A: This is the case in many marriages, and it does cause a lot of tension. Sometimes he needs to hear that it’s OK to get rid of something from someone other than you – one scenario where a professional organizer can help. Is there a specific category of things he feels the need to keep? Maybe you could suggest he start with one category of items and maybe let go. Usually once someone starts, the process will get a little easier. Also, tell him I have never once in eight years had a client tell me that they had regrets about giving something away.
Q: I’ll be living in an attic room that has slanted ceilings and no closets. Any suggestions for storing clothes?
A: A couple of low, three-drawer dressers will be helpful. I’m assuming that they will fit below the slanted ceilings, but measure first. Hanging clothes is obviously going to be more difficult, but if there’s enough vertical space along at least one of the walls, you might want to use a portable clothes closet.
Q: I have three types of “seasonal” clothing: winter-only items, summer-only items and maternity clothing. What do you recommend for where and how to store the stuff that is not currently in season? My closet probably isn’t big enough to store it all in there at the same time. Do I go with clear plastic containers? Vacuum bags? Something else?
A: If you have a basement or attic, you could store some things there in waterproof, airtight containers. If you don’t have a ton of additional storage space in your house, under-the-bed will do. I like to use storage containers that stack. Although vacuum bags can help to save space, they can be hard to store because of their irregular shape. If you have items that you want to store but that need to be stored in breathable bins, there are lots of options out there.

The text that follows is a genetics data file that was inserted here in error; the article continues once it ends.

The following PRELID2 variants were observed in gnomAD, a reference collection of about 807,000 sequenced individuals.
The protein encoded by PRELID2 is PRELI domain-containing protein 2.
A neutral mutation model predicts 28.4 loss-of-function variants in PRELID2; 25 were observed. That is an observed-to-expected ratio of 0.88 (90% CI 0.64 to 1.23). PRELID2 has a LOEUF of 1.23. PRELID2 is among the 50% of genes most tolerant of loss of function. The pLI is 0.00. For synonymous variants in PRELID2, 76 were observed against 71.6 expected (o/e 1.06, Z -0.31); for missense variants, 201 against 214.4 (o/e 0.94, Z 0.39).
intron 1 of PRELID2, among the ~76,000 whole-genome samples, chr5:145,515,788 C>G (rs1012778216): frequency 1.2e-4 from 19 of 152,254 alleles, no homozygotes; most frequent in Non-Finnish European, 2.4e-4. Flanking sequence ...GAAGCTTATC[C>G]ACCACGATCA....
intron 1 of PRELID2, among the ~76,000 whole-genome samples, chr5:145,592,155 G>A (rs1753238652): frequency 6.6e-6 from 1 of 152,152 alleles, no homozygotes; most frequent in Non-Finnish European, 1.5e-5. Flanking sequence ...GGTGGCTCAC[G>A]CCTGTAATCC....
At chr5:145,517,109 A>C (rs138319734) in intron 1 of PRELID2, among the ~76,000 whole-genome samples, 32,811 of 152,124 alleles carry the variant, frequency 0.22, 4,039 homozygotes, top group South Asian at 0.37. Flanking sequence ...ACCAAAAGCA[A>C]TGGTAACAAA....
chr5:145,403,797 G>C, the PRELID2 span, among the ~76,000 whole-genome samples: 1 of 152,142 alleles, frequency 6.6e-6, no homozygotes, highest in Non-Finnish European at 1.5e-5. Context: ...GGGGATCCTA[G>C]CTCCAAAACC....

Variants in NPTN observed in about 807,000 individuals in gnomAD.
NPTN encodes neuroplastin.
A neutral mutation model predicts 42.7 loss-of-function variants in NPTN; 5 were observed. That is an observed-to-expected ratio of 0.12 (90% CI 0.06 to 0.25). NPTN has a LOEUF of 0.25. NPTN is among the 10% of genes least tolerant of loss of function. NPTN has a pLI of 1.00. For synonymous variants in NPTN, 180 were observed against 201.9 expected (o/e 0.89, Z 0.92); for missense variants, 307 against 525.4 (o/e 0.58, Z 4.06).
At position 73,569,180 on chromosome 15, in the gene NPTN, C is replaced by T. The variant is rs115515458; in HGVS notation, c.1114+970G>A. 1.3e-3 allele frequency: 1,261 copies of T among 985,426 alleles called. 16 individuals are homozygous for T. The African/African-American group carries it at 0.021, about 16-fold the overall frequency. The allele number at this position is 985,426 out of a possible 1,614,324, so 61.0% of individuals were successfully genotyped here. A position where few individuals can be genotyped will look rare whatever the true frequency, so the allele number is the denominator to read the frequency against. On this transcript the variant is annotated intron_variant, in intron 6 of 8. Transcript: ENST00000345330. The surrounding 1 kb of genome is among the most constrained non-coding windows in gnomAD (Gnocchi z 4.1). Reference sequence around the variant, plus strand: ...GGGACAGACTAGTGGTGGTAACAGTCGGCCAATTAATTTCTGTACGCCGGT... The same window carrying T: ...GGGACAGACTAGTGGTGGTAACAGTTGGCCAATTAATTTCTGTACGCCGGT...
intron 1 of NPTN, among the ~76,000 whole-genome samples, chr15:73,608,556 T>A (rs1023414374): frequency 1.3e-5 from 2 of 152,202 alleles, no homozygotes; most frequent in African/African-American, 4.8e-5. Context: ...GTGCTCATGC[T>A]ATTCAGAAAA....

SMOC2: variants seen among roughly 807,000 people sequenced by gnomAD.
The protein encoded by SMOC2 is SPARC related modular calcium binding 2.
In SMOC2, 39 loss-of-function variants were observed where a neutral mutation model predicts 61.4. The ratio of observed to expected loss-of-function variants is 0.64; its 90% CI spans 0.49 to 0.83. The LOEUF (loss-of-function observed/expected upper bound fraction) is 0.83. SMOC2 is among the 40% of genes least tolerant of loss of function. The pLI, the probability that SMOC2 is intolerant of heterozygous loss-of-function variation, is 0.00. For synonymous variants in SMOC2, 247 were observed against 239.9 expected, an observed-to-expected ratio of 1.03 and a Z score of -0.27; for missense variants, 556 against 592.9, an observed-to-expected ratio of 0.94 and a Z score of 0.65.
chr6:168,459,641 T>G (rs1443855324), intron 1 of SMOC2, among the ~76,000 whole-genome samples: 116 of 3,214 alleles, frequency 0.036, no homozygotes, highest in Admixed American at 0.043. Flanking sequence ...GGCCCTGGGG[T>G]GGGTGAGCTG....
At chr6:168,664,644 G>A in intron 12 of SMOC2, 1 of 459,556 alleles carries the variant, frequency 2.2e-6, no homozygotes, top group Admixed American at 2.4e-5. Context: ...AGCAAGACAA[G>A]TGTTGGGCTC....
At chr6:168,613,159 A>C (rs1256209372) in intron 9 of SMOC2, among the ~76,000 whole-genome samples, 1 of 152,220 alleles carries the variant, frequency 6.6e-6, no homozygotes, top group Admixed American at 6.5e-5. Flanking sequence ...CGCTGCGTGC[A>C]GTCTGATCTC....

Q: Any ideas on places that would like my old college textbooks? As it’s been 15 years since college, I’m sure there are newer versions and so mine aren’t worth anything. I’d rather not just recycle them but will if I have to.
A: Unfortunately, it’s going to be hard to find a home for those old textbooks. You could check with your local library, but beyond that, they may just have to be recycled.
Q: I am sitting in my office, which is filled with my young children’s artwork, clothes they have outgrown out of, old letters from dear ones no longer living, treasures that came to us when my mother-in-law died and my mother downsized. It is amazing I can find the computer, and I am feeling overwhelmed! Any encouragement would be appreciated.
A: The best thing to do is just start picking things up and putting them into categories using boxes labeled “keep,” “toss,” “recycle” and “shred.” The office is not going to be cleaned and organized in a day or even a month — all of that stuff takes time to accumulate — but if you spend 30 minutes a day, you will make progress and feel motivated to do more.
Q: My husband is in the final stages of building a home office for us. Are there any products that you highly recommend, like must-have items for the office? Please recommend a good file cabinet that will not tip over when full.